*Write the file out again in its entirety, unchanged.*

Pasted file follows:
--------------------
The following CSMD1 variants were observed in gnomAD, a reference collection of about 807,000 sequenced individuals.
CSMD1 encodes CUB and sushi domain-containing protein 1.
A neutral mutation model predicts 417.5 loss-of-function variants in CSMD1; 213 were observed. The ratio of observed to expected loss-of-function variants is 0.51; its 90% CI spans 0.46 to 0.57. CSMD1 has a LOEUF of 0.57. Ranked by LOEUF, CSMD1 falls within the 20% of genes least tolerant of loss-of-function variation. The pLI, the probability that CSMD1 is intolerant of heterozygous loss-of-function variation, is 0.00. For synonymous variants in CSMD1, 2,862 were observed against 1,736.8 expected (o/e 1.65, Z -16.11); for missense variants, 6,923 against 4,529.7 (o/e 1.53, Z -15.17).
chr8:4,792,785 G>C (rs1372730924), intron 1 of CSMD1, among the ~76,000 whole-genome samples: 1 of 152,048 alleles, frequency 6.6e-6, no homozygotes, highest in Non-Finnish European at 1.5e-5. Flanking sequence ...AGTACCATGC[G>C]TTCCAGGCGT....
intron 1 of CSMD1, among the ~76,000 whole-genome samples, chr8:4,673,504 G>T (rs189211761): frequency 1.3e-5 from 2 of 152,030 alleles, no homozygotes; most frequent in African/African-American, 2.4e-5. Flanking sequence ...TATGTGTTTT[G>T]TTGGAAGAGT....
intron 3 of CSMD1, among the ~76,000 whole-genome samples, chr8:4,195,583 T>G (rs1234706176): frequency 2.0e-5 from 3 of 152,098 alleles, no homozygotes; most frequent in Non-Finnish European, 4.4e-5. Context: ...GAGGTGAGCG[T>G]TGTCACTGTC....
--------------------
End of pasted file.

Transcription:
The following CSMD1 variants were observed in gnomAD, a reference collection of about 807,000 sequenced individuals.
CSMD1 encodes CUB and sushi domain-containing protein 1.
A neutral mutation model predicts 417.5 loss-of-function variants in CSMD1; 213 were observed. The ratio of observed to expected loss-of-function variants is 0.51; its 90% CI spans 0.46 to 0.57. CSMD1 has a LOEUF of 0.57. Ranked by LOEUF, CSMD1 falls within the 20% of genes least tolerant of loss-of-function variation. The pLI, the probability that CSMD1 is intolerant of heterozygous loss-of-function variation, is 0.00. For synonymous variants in CSMD1, 2,862 were observed against 1,736.8 expected (o/e 1.65, Z -16.11); for missense variants, 6,923 against 4,529.7 (o/e 1.53, Z -15.17).
chr8:4,792,785 G>C (rs1372730924), intron 1 of CSMD1, among the ~76,000 whole-genome samples: 1 of 152,048 alleles, frequency 6.6e-6, no homozygotes, highest in Non-Finnish European at 1.5e-5. Flanking sequence ...AGTACCATGC[G>C]TTCCAGGCGT....
intron 1 of CSMD1, among the ~76,000 whole-genome samples, chr8:4,673,504 G>T (rs189211761): frequency 1.3e-5 from 2 of 152,030 alleles, no homozygotes; most frequent in African/African-American, 2.4e-5. Flanking sequence ...TATGTGTTTT[G>T]TTGGAAGAGT....
intron 3 of CSMD1, among the ~76,000 whole-genome samples, chr8:4,195,583 T>G (rs1234706176): frequency 2.0e-5 from 3 of 152,098 alleles, no homozygotes; most frequent in Non-Finnish European, 4.4e-5. Context: ...GAGGTGAGCG[T>G]TGTCACTGTC....